Sleep staging was performed according to standard criteria,28 using Alice® Sleepware (Philips Respironics, Murrysville, PA) based on 30-s epochs for 6 EEG channels (F3/A2, F4/A1, C3/A2, C4/A1, O1/A2, O2/A1). Submental electromyogram (EMG) and electroculograms (EOGs) were selected from channels around the neck, jaw and eyes.45 FDRs were also evaluated on a full set of neuropsychological and psychopathology measures, which are reported in the Supplementary data. EEG analyses were conducted on NREM Stages 2 an 3 (N2/N3) of the whole night and of the first cycle using MATLAB R2009b (The MathWorks Inc., Natick, MA). All EEG signals were high-pass filtered at 0.1 Hz, down-sampled to 128 Hz, band-pass filtered (0.5–40 Hz), and re-referenced to the average of the scalp voltage for all 256 channels. Clear artefactual 30-s epochs were visually excluded from sleep staging during the scoring procedure.
EEG signal analysis
After high-pass and band-pass filtering, a previously reported artefact removal algorithm was used to reject 30-s epochs, which exceeded thresholds based on the mean power for each channel in 0.8–4.48-Hz and 20–30-Hz bands.4 Power spectral density of NREM epochs was then computed with a 0.16-Hz bin resolution, fast-Fourier transform routine (Welch’s averaged modified periodogram with a Hamming window, averages of five 6-s epochs).
An automated algorithm was used to detect sleep spindles. NREM epochs were band-pass filtered between 11 and 16 Hz and the amplitude of the rectified filtered signals were used as time series for each channel. Because signal amplitude varied significantly across channels, thresholds relative to the mean amplitude of each channel were used. The lower threshold was set at two times the mean amplitude of the channel signal and the upper threshold was set at eight times the mean amplitude. Whenever an amplitude fluctuation exceeded the upper threshold, a spindle was detected. Points preceding or following (≥0.25 s) this maximum when amplitude dropped below the lower threshold were considered as beginning and end of a spindle.
The following parameters were then considered: spindle duration, spindle density and ISAs. Duration was defined as the distance in seconds between the points immediately preceding or following the intersection between the time series and the lower threshold. Spindle Density was defined as the number of spindles per minute of NREM sleep and ISAs as the integration of the amplitude value of each spindle (normalised by its duration) divided by NREM sleep duration. Compared to other available measures, ISAs synthesises the average spindle activity over time, allowing to combine spindle amplitude, number and duration in one single parameter.
Slow wave detection procedures are similar to those employed in previous work on period-amplitude analysis;46,47,48 the automated algorithm employed has been reported in preexistent hd-EEG studies on slow waves in healthy subjects.29 The following parameters were then considered: slow wave density, NPAMP, and average/maximal slopes. Density was defined as the number of detected slow waves per minute of NREM sleep. NPAMP was the most negative point in between two zero-crossings. Average slope was defined as the amplitude of the most negative peak divided by the time from the previous zero crossing (first-segment, down-slope) or the time until the next zero crossing (second-segment, up-slope). Maximal slopes were defined as the maximum of the signal derivative (after applying a 50-ms moving average filter) between the negative zero crossing and the most negative peak (first-segment, down-slope), as well as between the most negative peak and the positive-going zero crossing (second-segment, up-slope).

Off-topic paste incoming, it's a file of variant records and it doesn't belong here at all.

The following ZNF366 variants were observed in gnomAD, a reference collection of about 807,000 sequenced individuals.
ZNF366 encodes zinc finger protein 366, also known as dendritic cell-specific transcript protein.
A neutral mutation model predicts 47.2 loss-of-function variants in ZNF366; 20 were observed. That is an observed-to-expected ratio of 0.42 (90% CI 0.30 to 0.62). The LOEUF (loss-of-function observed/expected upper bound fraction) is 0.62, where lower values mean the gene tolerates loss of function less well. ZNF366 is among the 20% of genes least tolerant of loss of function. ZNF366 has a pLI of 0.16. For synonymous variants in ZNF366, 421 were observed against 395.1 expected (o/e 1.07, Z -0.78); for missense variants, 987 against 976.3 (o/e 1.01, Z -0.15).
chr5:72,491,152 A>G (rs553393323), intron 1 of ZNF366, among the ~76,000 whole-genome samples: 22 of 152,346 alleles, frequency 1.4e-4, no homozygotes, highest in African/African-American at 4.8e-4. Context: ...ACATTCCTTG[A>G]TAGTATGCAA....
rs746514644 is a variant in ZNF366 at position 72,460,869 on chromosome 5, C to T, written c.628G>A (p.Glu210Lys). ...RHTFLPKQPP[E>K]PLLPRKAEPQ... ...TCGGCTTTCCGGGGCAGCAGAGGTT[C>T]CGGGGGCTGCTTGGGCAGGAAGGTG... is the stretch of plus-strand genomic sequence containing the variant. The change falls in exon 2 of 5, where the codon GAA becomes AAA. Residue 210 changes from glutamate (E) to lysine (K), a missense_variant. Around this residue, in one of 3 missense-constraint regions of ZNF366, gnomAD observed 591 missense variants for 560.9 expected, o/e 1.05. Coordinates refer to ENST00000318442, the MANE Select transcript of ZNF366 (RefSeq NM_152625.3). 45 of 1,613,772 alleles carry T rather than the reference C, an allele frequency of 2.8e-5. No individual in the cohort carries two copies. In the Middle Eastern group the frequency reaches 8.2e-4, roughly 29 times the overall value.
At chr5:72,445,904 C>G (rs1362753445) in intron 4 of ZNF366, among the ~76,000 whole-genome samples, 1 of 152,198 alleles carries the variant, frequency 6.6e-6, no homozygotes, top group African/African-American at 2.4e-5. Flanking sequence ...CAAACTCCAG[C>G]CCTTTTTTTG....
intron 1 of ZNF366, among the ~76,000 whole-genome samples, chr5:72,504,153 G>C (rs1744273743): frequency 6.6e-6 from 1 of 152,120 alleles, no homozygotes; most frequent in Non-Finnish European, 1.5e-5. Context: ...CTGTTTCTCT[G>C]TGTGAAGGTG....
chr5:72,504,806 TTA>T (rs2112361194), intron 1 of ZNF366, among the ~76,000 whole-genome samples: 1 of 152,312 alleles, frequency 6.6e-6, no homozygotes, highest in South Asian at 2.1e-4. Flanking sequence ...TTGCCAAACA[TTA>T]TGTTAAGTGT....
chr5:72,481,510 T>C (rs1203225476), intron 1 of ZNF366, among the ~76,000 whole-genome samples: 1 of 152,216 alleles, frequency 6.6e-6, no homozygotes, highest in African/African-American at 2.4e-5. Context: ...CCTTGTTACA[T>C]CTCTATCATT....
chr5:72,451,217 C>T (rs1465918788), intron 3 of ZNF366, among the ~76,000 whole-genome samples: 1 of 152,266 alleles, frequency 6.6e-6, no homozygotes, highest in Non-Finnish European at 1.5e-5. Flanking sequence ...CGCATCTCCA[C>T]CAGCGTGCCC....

To compare demographic characteristics, sleep architecture and EEG power between groups, unpaired t-tests were performed. Group differences in the topographical distribution of spindle and slow waves parameters were assessed with statistical non-parametric mapping (SnPM), with supra-threshold cluster tests (Nichols and Holmes, 2002) to correct for multiple comparisons, using a threshold t-value (t = 2042, corresponding to α = 0.05 for the given degrees of freedom) with fixed number of combinations (2Nsubjects).41,49,50 Finally, Spearman’s rank correlation analyses were performed between sleep parameters and available neurocognitive tests and measures of psychosis proneness. Correlations were run at a single channel level for exploratory analysis and also at cluster level for clusters identified by spindles and slow waves analyses.
All the material will be available upon request from the corresponding authors.
Codes employed for spindle and slow wave analyses are available upon request.
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Thanks to all the relatives of patients who took part in the study and to Progetto Itaca for their support; thanks to Francesco Donati and Matteo Fecchio for their contribution and useful discussions. Funding: The authors received no specific funding for this work.